The San Francisco Bay Area is often regarded as a place of financial opportunity for "new money" due to the fortunes created starting during the Gold Rush and in recent decades in Silicon Valley, as well as a bastion of liberal culture and politics – a reputation earned in the 1960s. More recently, the small but sometimes violent activities of the Occupy San Francisco and Occupy Oakland movements became national news, sometimes even surpassing the marquee Occupy Wall Street movement in attention garnered.
Yet few are fully aware of the exclusive nature of the “old money” society that exists in San Francisco. This culture is deeply rooted in the historical origins of the city as a place of entrepreneurship in the wake of the Gold Rush in the mid 1800s. As of 2010, 80 of the 400 richest Americans on the Forbes list lived in California, many of them in the Bay Area.
In San Francisco, some of the wealthiest Americans coexist with some of the poorest Americans in a space of just 46 square miles. One is struck by how close these venues that cater to people on opposite ends of the socioeconomic scale are to each other – sometimes within one block – as with the Bay Club and the St. Vincent de Paul homeless shelter that are within sight of one another. The buildings surveyed in this series have very small identifying signage, if they have any at all, and often these signs are occluded. It suggests, perhaps unintentionally, that there exists a social agreement in San Francisco that if such places like shelters and clinics must exist that they should be discreet.
Some of the buildings have timely significance. The Veterans Affairs clinic is particularly relevant as the United States winds down military operations in Iraq and Afghanistan and incidences of post traumatic stress disorder among veterans is increasing rapidly. The Archdiocese building has been the site of nonviolent and violent clashes between Occupy activists and the San Francisco police.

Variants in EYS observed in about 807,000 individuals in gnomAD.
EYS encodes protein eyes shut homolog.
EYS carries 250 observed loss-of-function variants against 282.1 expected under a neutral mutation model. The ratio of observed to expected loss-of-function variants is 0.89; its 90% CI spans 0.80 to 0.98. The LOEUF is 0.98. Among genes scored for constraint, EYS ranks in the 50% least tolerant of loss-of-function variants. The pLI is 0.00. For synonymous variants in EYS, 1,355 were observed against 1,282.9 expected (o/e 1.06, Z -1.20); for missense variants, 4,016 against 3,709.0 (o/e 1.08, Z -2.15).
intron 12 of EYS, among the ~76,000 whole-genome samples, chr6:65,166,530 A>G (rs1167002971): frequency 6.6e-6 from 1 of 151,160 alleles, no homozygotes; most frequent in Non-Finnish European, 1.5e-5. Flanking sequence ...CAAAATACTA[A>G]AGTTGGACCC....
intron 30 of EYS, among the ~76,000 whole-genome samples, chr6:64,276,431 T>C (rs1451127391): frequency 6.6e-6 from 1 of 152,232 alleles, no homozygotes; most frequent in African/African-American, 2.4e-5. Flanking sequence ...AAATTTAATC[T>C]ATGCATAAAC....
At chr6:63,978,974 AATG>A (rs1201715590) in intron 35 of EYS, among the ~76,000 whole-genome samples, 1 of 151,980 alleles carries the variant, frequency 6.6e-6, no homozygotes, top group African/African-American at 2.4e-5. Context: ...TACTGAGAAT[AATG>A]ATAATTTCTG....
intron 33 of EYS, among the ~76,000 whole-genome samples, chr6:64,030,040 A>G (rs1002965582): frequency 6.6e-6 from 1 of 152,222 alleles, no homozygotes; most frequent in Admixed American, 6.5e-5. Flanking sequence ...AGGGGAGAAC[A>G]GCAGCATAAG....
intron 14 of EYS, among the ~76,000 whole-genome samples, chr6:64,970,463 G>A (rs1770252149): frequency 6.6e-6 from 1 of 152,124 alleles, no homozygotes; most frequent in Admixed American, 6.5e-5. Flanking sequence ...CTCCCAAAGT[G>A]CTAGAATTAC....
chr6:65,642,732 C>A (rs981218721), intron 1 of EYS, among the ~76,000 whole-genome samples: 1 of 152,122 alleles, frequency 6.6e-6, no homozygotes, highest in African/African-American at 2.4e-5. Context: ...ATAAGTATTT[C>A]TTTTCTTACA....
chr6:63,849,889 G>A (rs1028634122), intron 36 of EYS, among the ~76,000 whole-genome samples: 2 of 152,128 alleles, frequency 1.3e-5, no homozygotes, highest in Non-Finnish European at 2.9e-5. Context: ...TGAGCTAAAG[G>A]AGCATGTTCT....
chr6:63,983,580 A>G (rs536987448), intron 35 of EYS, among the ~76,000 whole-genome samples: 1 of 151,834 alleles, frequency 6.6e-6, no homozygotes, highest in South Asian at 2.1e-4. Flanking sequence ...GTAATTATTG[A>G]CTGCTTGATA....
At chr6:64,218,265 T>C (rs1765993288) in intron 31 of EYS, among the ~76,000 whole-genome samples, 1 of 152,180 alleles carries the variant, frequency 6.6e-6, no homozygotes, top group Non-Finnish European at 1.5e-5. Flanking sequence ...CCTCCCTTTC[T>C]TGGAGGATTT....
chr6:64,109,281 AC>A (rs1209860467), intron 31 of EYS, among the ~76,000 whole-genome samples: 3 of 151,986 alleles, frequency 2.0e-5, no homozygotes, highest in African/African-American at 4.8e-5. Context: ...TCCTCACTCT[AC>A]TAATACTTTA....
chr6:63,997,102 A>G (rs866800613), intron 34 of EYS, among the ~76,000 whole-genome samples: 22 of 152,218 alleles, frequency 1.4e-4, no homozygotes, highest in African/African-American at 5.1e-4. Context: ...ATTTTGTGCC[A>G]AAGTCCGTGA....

One pair of images illustrates the wildly different people that are serviced by the building. The St. Regis is one of the most expensive hotels in the city while the homeless shelter caters to a different clientele, yet hotels and homeless shelters both provide people a bed to sleep in and a roof over their heads. Another pair highlights income inequality: a mansion owned by one of the wealthiest Americans (who installed large hedges so as the provide privacy from the public) against a building temporarily occupied by some of the poorest Americans.All of the images are presented within a white frame to accentuate clinical treatment of inequality, all are photographed in color under consistently bright sunlight, and all feature a conspicuous absence of people to illustrate the near anonymity of the buildings in the urban landscape.